The weekend before Thanksgiving was busy. At 6:00am Sat, Mom and Tim left for
the VEX tournament hosted by the high school robotics club. The kid had been
working hard with four classmates on their bot for the past two months and today
was show time. After his martial art training at noon and with sore muscles all
over, Bill joined the event as a parent volunteer.
He knew next to nothing about robotics and, as it turned out, there was little
for him to do. The school club had run 23 years with a stellar record and the
place worked like a well-oiled machine. 38 teams from the Bay Area gathered at
six-foot fold-in-half tables lined up in six rows taking most of the floor of
the assembly hall. Three arenas (aka fields) were set up at the opposite wall
for testing. At the door was a help desk (called the pit admin), a big screen
showing results and ranking, and a snack booth (or concession). Everyone looked
sharp and engaged in something, each had a purpose, and Bill felt easy being the
center of nothing, and was glad to do what he did best: lounging around, staying
out of the way, and recovering from physical exertion.
It was a long day. The teams went back and forth between their tables in the
hall and the theater next door to compete during their slots. 16 were selected
by 3:00pm for four brutal single-elimination rounds. After Tim's team lost at
the quarter finals, Bill rushed out and bought a tuna sandwich to share with the
kid. By the time the tournament ended, he had fully recovered and was happy to
help packing away tables and chairs. It took three more hours to clean up before
they headed home at 8:00pm.
Sunday morning, Bill biked 1.5 hrs to Fremont to find a network cable for Tim,
who needed a fast connection for his games. At his old house, he lifted weights,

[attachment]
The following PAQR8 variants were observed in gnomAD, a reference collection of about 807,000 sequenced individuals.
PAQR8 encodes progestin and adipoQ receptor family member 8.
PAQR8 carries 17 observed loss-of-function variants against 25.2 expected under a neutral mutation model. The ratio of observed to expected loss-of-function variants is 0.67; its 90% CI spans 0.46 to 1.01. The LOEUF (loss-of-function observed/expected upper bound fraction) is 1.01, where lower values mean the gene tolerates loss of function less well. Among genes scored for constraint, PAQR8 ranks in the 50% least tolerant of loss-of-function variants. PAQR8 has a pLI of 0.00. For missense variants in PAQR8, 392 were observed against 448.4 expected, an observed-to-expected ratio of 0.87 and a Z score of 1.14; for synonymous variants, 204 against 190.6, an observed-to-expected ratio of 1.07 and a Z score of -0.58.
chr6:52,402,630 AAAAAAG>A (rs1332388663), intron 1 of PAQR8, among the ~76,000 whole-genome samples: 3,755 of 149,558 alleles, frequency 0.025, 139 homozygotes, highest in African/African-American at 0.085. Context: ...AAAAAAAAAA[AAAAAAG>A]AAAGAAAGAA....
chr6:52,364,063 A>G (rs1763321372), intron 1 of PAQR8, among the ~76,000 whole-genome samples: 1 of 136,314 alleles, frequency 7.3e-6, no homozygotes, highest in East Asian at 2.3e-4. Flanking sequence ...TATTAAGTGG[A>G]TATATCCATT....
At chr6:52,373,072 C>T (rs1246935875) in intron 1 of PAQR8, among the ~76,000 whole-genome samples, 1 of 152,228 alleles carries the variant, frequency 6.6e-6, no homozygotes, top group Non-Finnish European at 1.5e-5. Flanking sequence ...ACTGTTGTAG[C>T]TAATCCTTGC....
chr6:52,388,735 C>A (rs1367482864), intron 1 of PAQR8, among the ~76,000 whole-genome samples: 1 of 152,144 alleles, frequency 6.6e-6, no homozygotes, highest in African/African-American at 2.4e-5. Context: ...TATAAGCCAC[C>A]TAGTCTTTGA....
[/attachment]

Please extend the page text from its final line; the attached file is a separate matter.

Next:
swept the yards, trimmed the plants, and headed back at around 2:30pm.
It was a gorgeous windless afternoon, just like yesterday. Under a fresco sky,
the sun was shining on the dancing waters of the Bay. The golden east hills had
turned darker and already started lap-dissolving with a hint of green. The
trails were buzzing with hikers, runners, cyclists, dogs, and small children. It
was the season: since Halloween, festivity descended in the air and no matter
what was befalling, people cheered up. Coming out of the hills, Bill took to the
levees. Flat, quiet, and well-travelled on, they were perfect for biking.
He had begun to feel hollow inside, however. Since morning, he had had black
coffee, two handful of nuts, and two cups of tea. After scaling the Dumbarton
bridge, all he could think of was food: not just any food but hot chocolates,
the thick, cloying, scalding stuff from the store. At the T junction west of
the bridge, he could have continued on to the Starbucks at the end of Willow
Street in East Menlo Park, but instead of replenishing, he wanted to conserve
energy--halfway home, his own and the e-bike's were both draining fast.
Once indoors, he pounced on a big chunk of a leftover cake and a bow of Kyoho
grapes. With another handful of nuts, it was a satisfying supper.